Paty Jager is an award-winning author of 30+ novels, a dozen novellas, and a passel of short stories of murder mystery, western romance, and action adventure. All her work has Western or Native American elements in them along with hints of humor and engaging characters.This is what readers have to say about  the Letters of Fate series- “...filled with romance, adventure and twists and turns.” “What a refreshing and well written love story of fate and hope!”

7 comments:

  1. Waving hello to a long time friend, Paty. I got a nice smile at out your post. The concept of well paid preachers is a recent thing. Some folks never saw a preacher. They were too far off the beaten trail to get that lucky. We are so spoiled today!

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    1. Hi E.Ayers! It is interesting to see how people ignored certain things in order to accommodate the men who brought them the "Good Book". Thanks for stopping in!

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  2. Paty, this was great information. No "spoon" for me, thank you. My great-great grandfather was a circuit Methodist preacher in South Carolina. He traveled but when he was home, he held church in his home. Eventually, he built a chapel next to his home and quit traveling. Although the original chapel is long gone, the brick one that replaced it is still in use and the cemetery is huge. I wrote to the church and the minister kindly sent me information and photos. In doing family research, I found that when a minister was not available, a marriage bond was posted by the groom to show his promise to wed the woman officially when a minister came. You touched on people "marrying" after they'd set up house together and had children.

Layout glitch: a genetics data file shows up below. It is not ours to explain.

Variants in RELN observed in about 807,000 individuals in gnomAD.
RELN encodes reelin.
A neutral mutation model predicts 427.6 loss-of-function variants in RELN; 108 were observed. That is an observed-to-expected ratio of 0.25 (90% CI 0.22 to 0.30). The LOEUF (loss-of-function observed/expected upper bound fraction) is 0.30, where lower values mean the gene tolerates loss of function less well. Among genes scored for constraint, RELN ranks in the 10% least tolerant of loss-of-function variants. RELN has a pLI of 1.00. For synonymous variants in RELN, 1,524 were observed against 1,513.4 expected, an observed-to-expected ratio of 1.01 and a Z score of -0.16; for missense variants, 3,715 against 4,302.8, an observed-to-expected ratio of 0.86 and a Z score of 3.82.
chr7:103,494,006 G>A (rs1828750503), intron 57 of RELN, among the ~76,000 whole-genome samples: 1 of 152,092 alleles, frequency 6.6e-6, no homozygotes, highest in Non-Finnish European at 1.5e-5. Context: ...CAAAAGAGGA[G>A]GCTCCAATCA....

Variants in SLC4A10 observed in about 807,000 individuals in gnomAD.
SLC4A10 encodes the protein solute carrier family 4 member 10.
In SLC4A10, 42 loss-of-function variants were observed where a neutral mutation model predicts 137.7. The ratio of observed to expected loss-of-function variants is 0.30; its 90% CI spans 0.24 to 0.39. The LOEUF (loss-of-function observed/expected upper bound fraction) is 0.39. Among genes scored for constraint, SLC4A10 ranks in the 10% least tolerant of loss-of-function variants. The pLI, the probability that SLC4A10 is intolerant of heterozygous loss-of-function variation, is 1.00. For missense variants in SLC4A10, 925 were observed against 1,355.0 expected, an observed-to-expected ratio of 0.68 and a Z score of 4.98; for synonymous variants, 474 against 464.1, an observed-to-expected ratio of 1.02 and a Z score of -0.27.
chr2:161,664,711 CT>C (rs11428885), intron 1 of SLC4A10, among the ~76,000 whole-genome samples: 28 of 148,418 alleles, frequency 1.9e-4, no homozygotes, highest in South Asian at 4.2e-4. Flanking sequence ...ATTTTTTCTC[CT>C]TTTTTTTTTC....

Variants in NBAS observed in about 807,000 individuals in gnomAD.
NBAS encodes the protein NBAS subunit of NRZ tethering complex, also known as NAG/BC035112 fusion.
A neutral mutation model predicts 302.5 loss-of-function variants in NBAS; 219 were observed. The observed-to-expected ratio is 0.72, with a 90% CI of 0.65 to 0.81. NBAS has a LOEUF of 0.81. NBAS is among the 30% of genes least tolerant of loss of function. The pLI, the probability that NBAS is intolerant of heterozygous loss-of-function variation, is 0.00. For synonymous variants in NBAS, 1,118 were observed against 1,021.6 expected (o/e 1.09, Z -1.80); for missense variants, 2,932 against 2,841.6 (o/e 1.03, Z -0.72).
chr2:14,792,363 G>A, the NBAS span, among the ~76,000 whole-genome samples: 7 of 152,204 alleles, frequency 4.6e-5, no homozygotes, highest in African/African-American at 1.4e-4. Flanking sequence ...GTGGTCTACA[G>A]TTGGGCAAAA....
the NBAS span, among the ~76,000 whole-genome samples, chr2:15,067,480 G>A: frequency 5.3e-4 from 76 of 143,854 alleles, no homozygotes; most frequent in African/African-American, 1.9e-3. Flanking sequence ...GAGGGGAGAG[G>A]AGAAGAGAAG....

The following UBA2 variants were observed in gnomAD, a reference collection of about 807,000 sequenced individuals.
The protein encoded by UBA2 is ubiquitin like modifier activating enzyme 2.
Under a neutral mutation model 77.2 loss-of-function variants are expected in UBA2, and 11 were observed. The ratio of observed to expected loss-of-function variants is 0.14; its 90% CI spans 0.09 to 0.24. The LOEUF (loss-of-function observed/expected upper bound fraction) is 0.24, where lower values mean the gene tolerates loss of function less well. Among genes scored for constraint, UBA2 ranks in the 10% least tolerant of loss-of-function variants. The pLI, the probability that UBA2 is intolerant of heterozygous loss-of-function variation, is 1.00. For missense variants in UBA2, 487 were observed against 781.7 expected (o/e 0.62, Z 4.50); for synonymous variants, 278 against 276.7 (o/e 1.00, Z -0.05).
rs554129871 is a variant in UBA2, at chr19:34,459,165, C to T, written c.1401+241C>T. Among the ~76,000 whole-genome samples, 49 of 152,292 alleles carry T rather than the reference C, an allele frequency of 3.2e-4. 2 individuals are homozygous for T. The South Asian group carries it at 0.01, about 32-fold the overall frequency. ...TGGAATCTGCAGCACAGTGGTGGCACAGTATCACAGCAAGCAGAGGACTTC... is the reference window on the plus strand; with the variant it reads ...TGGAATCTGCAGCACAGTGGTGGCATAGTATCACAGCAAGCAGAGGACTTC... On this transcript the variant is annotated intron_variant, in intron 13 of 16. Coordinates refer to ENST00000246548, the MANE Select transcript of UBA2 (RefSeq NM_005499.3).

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    1. Caroline, what a wonderful story you have of your heritage. This book told many interesting stories. Some where the preachers weren't wanted and others where they had a hard time moving on. And yes, they talked about the people who were living together and bringing up children waiting for a preacher to come by and marry them. I'll have to look up the "marriage bond" that sounds like something that should be in a book. ;) Thanks for commenting!

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    2. I touched briefly on it in Loving Ellen. Many religions do not recognize a marriage that takes place outside of the church, such as the Catholic Church. So they gave up their religion or waited until they could be properly married.

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  3. Well, seems to me there could some real opportunities for some shenanigans when the preacher was in town. Half the fun of writing historicals is the research. We all end up experts in trivia. It's kinda fun, isn't it?
    What's the title of the book for which you did all this research, Paty?
    This was definitely an interesting article. I enjoyed reading it. All the best to you...

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    1. Sarah, That's what I thought! The research was for book one of my new historical western romance series, Ladies of the Silver Dollar Saloon. I bet that gets you wondering. ;) Thanks!